A book of Leonard Cohen’s famous last words

by Diana Wichtel / 06 February, 2019
Leonard Cohen. Photo/Getty Images

Leonard Cohen. Photo/Getty Images

RelatedArticlesModule - Leonard Cohen the flame book

In The Flame, Leonard Cohen reminds us of the humour beneath his melancholy.

“Google despair and melancholy,” Leonard Cohen once joked, “and my name comes up.”

He could also look on the bright side. In a New Yorker interview not long before his death in 2016, he spoke of his “predicament” – age, illness – offering a certain freedom from distraction. “You have a chance to put your house in order.”

 He was working on poems that would end up in The Flame, a collection of poetry, lyrics from his last four albums, prose and “scraps”. The book is not so much a house in order as a work in progress, a box of mementos, a bag of tricks to sort through.

It’s also a reminder that his music, in his later years a gravelly road to transcendence for even his least-religious admirers, brought him fame, but it was as a writer that he started and stopped.

“It was what he was staying alive to do, his sole breathing purpose at the end,” writes his son, Adam Cohen, in the foreword. He recalls a father always scribbling. Once, Cohen Jr was looking for tequila. “I was directed to the freezer, where I found a frosty, misplaced notebook.”

Pen-and-ink drawings, mostly unsparing self-portraits from over the years, reveal that Leonard Cohen was never really a young man. A chance to linger over his words reveals he wasn’t really that melancholy. The lyrics of Almost Like the Blues, published as a poem in the New Yorker in 2014, show his eye for the absurdity of his situation as a singer with something to say: “There’s torture and there’s killing/ And there’s all my bad reviews/ The war, the children missing/ Lord, it’s almost like the blues.”

The Flame, a title chosen by his son, sounds a little reverential. The voice captured in this terrific last volume is always on guard against that. One particularly flayed-looking portrait is captioned with this summation of Canadian humour and, possibly, the human condition: “This is no joke that’s what makes it funny.”

THE FLAME, by Leonard Cohen, (Allen & Unwin, $45)

This article was first published in the January 19, 2019 issue of the New Zealand Listener.

Latest

Norah Jones’s new beginning and return to New Zealand
104817 2019-04-21 00:00:00Z Music

Norah Jones’s new beginning and return to New Zeal…

by Russell Baillie

The jazz songstress is staying inspired by writing with others.

Read more
Bill Ralston: Only fundamentalist Christians should be hurt by Israel Folau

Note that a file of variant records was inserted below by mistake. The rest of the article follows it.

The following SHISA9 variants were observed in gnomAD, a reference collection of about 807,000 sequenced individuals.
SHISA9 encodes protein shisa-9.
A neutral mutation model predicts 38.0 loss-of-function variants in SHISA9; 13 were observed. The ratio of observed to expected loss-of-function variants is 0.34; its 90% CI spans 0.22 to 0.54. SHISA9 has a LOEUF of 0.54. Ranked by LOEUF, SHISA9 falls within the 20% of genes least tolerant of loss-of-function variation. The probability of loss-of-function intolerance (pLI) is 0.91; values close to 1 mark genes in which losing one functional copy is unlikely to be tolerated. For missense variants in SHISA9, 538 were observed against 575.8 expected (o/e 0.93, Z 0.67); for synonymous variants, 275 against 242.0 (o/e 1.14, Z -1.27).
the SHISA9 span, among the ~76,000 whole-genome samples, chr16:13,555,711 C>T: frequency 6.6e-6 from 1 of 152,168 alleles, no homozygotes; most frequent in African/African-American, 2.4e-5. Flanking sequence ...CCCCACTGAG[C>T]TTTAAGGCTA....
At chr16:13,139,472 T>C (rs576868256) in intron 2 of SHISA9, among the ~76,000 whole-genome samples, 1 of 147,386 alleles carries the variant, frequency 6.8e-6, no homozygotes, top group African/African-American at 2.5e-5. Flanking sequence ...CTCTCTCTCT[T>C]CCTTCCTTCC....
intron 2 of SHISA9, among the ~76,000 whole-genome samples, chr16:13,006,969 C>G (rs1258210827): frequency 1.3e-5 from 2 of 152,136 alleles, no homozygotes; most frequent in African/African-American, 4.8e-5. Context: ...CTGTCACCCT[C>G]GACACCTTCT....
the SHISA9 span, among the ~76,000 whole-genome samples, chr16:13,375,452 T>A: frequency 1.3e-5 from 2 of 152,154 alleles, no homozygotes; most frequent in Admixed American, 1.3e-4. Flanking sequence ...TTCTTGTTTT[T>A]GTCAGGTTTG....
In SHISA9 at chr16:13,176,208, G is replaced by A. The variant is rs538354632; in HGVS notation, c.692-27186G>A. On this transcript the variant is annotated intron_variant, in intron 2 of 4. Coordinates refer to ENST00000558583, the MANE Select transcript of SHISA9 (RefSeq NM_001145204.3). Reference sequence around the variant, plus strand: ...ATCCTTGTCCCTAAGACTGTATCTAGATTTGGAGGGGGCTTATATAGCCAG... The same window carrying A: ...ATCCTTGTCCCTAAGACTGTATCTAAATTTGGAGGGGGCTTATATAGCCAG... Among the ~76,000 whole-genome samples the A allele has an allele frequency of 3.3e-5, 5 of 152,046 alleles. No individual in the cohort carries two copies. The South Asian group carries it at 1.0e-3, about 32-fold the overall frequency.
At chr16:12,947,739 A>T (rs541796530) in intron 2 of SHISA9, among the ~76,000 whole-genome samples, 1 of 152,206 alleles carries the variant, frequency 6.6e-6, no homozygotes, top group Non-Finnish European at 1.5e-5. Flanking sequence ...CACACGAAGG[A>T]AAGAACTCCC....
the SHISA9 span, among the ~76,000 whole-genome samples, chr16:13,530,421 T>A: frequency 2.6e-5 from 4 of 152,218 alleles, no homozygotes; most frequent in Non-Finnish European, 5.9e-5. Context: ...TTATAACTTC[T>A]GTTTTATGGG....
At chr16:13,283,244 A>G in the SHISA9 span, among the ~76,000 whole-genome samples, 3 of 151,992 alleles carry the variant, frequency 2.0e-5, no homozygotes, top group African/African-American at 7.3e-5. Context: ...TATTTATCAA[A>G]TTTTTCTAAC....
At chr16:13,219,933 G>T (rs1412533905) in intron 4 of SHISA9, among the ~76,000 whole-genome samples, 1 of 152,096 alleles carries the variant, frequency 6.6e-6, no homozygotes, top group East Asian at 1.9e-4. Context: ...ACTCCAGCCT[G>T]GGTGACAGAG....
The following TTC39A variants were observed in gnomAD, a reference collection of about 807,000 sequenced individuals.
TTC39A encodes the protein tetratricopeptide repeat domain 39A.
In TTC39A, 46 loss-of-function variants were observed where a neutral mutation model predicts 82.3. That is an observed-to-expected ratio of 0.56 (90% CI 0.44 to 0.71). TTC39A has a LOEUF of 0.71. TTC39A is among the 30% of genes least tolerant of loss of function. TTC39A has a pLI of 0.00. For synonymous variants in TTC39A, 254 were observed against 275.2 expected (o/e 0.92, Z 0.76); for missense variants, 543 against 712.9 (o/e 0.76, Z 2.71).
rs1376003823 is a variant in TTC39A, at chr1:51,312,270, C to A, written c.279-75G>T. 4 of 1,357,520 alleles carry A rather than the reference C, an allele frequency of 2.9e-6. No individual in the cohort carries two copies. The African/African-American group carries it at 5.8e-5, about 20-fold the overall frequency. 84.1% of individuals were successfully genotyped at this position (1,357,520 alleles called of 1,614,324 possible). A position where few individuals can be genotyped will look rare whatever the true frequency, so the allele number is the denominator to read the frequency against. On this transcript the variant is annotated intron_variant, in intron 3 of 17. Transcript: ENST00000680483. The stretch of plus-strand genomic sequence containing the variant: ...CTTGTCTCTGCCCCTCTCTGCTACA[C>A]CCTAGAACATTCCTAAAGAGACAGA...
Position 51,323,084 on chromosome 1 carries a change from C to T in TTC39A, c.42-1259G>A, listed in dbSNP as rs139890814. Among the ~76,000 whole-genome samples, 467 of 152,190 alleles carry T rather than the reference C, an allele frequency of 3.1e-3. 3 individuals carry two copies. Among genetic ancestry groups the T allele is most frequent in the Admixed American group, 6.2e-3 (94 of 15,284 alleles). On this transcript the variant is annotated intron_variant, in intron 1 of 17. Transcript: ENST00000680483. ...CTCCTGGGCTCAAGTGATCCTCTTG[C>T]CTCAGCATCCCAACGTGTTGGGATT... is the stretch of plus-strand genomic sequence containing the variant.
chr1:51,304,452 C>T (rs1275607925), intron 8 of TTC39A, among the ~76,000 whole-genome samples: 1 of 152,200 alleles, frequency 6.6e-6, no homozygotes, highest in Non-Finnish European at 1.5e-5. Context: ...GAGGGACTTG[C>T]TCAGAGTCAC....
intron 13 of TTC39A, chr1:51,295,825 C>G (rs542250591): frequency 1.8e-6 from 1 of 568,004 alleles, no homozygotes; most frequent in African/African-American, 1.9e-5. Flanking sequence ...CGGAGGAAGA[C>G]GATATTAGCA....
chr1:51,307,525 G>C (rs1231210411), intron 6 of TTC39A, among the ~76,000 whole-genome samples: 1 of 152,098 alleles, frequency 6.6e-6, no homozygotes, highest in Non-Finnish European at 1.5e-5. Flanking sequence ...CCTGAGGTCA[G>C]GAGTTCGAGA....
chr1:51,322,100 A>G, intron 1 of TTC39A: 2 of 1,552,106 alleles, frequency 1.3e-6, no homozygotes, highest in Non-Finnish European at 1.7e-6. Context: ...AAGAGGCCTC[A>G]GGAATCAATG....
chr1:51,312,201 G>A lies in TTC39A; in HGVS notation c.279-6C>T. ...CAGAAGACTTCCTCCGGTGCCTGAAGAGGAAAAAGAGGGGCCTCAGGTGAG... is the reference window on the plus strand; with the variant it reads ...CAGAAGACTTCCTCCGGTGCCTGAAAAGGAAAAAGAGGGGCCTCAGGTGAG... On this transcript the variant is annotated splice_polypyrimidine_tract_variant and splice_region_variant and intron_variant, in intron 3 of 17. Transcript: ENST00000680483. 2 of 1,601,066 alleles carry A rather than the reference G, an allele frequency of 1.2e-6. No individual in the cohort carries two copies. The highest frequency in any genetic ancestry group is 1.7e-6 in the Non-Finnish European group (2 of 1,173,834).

104814 2019-04-20 00:00:00Z Social issues

Bill Ralston: Only fundamentalist Christians shoul…

by Bill Ralston

Israel Folau’s social-media post might condemn the Wallabies to Rugby World Cup hell, but the rest of us should ignore him.

Read more
What happens next with the Mueller report?
104863 2019-04-20 00:00:00Z World

What happens next with the Mueller report?

by Noted

Did Trump “corrupt” with intent?

Read more
The Heart Dances: Lifting the lid on the culture clash behind ‘The Piano’ ballet
104740 2019-04-20 00:00:00Z Movies

The Heart Dances: Lifting the lid on the culture c…

by Russell Baillie

Documentary offers an intriguing look at the clash of artistic sensibilities behind adapting The Piano into a ballet.

Read more
How this remarkable native insect is being saved
104836 2019-04-20 00:00:00Z Planet

How this remarkable native insect is being saved

by Jenny Nicholls

Principles of bird conservation are helping to save another remarkable native you’ve never heard of.

Read more
Environment Ministry 'unashamedly proud' of bleak report's honesty
104868 2019-04-20 00:00:00Z Planet

Environment Ministry 'unashamedly proud' of bleak…

by RNZ

The Secretary for the Environment Vicky Robertson said she was proud of the report's honesty and it was an important stocktake for the country.

Read more
The new What We Do in the Shadows is more dad joke than demonic
104712 2019-04-19 00:00:00Z Television

The new What We Do in the Shadows is more dad joke…

by Diana Wichtel

Diana Wichtel reviews a new American TV series based on the hit Kiwi comedy.

Read more
Louis & Louise is a satisfying exploration of gender and identity
104230 2019-04-19 00:00:00Z Books

Louis & Louise is a satisfying exploration of gend…

by Brigid Feehan

In her latest novel, Julie Cohen traces the parallel male and female lives of a single character.

Read more